From Nerdle to Absurdle: What to play when you’ve solved the daily Wordle
The viral game has spawned a number of new variations based on everything from mathematics to different languages. Users also have the option of creating their own puzzle
In October, Josh Wardle, a Brooklyn-based software engineer, launched Wordle. The game, which involves guessing a hidden five-letter word, has hooked millions of users in just a few months and bombarded Twitter with gray, yellow and green squares. But it has a major drawback which ironically is also one of the keys to its success: it can only be played once a day. For those who are hungry for more, there are many similar games, that have also hooked thousands.
Wordle in other languages
Wordle is available in Spanish, as well as many regional languages, such as Catalan, Galician and Basque. And for those who know or want to learn other languages as well, there is plenty to choose from, including Japanese, Italian, German, Portuguese, Chinese and French.
If Wordle is too easy for you, an interesting alternative is Absurdle. Its creator defines it as the “Machiavellian version” of Wordle. The objective is the same: to guess a five-letter word, but in this case, the system does not want the user to win under any circumstances, so it changes the word with each attempt.
“Wordle chooses a single secret word at the start of the game and then you have to guess it,” explains Absurdle creator who goes by the alias qntm. “Absurdle gives the impression of choosing a single secret word, but what it actually does is consider the entire list of all possible secret words that fit your guesses so far.” Unlike Wordle, the attempts are infinite. The best possible score is four guesses: “And, yes, this has been achieved by many different people,” adds qntm.
For math lovers
There is also a version of Wordle for those who prefer numbers to letters. Nerdle is a game inspired by Wordle that consists of guessing a mathematical operation in six tries. This time there are eight gaps to fill with numbers from 0 to 9 and symbols – addition, subtraction, multiplication and division. If in Wordle you have to guess a word from the dictionary, in Nerdle you have to enter a correct mathematical operation.
The color of the squares indicates whether the numbers are present in the solution and correctly placed. The website also has a version for color-blind people. Once the puzzle has been solved, it is also possible to share the results. If at first, this game seems a bit complicated, there is a simpler option: just click on settings and then on mini Nerdle, which has six columns instead of eight.
Wordle will have reminded many people of Mastermind, a two-person board game released in the 1970s, with the aim of guessing a sequence of four colors. After each attempt, the user is told how many colors they got right and how many are present in the combination, but not correctly placed. As in Wordle, the number of attempts is limited. It is currently possible to play Mastermind online or with cellphone applications.
Like Wordle, Mastermind has spawned other versions, such as the Electronic Master Mind or Guess the Code apps. Instead of guessing color combinations, both alternatives consist of guessing a numerical code. For example, in the case of Guess the Code, the combination can be between four and eight digits, depending on the level selected. The application indicates with a green tick how many numbers are placed in a correct position and with a yellow exclamation mark how many are part of the secret code, but are incorrectly placed.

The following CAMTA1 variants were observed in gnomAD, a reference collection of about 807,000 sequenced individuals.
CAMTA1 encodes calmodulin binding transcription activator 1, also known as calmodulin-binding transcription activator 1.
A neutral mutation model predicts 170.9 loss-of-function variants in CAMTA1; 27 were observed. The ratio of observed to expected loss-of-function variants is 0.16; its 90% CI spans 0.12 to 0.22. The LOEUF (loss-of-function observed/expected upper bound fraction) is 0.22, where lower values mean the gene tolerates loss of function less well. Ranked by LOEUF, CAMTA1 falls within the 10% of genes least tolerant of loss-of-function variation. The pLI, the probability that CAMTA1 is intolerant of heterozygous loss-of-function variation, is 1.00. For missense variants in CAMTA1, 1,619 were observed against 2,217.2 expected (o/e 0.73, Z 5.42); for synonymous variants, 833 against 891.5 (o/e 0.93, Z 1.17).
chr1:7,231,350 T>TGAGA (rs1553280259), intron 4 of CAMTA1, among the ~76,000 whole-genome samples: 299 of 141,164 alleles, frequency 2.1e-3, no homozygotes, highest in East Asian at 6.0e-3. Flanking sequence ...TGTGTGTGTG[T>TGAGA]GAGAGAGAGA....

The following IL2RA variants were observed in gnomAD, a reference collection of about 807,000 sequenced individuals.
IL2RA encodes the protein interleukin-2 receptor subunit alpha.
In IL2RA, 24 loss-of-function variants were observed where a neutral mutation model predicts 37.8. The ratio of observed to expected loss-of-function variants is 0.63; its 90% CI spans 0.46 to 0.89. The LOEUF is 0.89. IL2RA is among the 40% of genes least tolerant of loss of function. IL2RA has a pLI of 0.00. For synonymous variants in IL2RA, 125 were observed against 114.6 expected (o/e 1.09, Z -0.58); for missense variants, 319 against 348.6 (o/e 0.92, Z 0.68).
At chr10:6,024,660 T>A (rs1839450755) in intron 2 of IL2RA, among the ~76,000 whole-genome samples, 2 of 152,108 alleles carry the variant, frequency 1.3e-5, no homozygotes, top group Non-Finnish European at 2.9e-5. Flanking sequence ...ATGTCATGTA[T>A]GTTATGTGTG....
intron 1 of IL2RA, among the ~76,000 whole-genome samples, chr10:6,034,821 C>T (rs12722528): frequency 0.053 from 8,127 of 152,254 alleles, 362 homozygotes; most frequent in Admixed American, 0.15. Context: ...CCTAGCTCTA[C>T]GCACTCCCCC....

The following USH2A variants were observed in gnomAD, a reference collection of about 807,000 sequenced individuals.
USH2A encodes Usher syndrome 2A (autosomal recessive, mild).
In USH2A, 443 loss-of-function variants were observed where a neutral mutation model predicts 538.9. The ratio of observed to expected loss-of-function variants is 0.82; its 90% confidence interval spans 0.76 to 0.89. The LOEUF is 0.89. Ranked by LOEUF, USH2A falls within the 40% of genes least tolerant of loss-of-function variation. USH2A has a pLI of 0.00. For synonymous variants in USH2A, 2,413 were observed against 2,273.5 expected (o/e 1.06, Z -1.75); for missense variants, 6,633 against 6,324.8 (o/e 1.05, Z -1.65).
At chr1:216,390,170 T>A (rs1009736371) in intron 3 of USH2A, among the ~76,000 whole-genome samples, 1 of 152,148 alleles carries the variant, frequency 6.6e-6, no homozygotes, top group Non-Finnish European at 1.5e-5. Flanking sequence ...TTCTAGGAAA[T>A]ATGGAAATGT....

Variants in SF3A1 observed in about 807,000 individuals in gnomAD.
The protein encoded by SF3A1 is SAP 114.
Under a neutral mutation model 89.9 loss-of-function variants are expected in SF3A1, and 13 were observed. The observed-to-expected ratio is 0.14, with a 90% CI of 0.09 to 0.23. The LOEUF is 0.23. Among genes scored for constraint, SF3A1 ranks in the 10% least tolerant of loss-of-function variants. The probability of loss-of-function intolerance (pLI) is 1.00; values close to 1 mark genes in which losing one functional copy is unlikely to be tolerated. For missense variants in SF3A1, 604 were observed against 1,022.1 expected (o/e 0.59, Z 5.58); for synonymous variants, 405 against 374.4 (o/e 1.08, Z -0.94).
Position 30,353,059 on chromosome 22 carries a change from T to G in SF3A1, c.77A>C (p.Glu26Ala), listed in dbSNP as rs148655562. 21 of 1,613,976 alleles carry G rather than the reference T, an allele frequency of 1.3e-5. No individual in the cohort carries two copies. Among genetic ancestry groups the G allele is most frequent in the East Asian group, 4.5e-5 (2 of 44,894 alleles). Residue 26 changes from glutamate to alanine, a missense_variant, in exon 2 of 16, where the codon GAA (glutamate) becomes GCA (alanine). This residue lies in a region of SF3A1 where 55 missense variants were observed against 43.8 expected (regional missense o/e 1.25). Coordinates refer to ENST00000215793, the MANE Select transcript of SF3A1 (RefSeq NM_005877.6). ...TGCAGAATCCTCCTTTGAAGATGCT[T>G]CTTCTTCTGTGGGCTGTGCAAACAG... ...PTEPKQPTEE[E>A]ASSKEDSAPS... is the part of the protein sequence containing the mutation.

Make your own Wordle
There are infinite alternatives to Wordle: from applications designed to guess a word based on several images to more classic games such as Hangman, word search and Scrabble. But if all these options fall short, you can also create your own game. Some websites allow you to choose a word and share your game with friends. This can, of course, be done in a much more rudimentary way: just find a friend, take some paper, a pen and some green and yellow highlighters, and draw the table and the letters.
En el confinamiento de 2020, mi madre y yo ya jugábamos al wordle. Lo llamábamos "palabritas" y era mucho más difícil porque no indicábamos cuál era la letra acertada. Me siento como si de repente todo internet me hubiera robado algo. pic.twitter.com/6ZZbl8MoWl— Macarena Gil de la Puerta (@GildelaM) February 2, 2022
“In the 2020 lockdown, my mother and I were already playing Wordle. We called it ‘little words’ and it was much more difficult because we didn’t indicate which letter was in the right position. I feel as if all the internet has suddenly robbed me of something.”
Perhaps new versions will emerge as we play. In fact, before Wordle existed, some had devised similar games. “In the 2020 lockdown, my mother and I were already playing Wordle,” tweeted Macarena Gil de la Puerta, a linguistics teacher and creator of the podcast Con la lengua fuera (With your tongue out). “We called it ‘little words’ and it was much more difficult because we didn’t indicate which letter was correct.” In her game, only emojis in two colors are used: white to indicate that some letters are in the word, but badly placed, and black when the letters are both present and correctly placed.